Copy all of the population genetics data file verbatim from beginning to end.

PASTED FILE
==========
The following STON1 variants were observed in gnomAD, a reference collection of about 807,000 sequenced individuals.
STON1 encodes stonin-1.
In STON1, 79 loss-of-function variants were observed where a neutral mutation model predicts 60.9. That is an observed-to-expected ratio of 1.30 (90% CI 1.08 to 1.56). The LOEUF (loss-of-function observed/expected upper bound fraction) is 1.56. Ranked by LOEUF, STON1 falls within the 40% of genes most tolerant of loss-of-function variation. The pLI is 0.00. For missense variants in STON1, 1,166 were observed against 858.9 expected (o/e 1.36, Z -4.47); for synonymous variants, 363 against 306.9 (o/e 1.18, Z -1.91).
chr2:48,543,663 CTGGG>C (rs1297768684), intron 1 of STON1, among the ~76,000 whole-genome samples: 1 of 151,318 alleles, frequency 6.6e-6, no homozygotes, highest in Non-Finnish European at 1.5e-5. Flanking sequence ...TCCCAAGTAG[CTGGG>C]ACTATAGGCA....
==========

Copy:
The following STON1 variants were observed in gnomAD, a reference collection of about 807,000 sequenced individuals.
STON1 encodes stonin-1.
In STON1, 79 loss-of-function variants were observed where a neutral mutation model predicts 60.9. That is an observed-to-expected ratio of 1.30 (90% CI 1.08 to 1.56). The LOEUF (loss-of-function observed/expected upper bound fraction) is 1.56. Ranked by LOEUF, STON1 falls within the 40% of genes most tolerant of loss-of-function variation. The pLI is 0.00. For missense variants in STON1, 1,166 were observed against 858.9 expected (o/e 1.36, Z -4.47); for synonymous variants, 363 against 306.9 (o/e 1.18, Z -1.91).
chr2:48,543,663 CTGGG>C (rs1297768684), intron 1 of STON1, among the ~76,000 whole-genome samples: 1 of 151,318 alleles, frequency 6.6e-6, no homozygotes, highest in Non-Finnish European at 1.5e-5. Flanking sequence ...TCCCAAGTAG[CTGGG>C]ACTATAGGCA....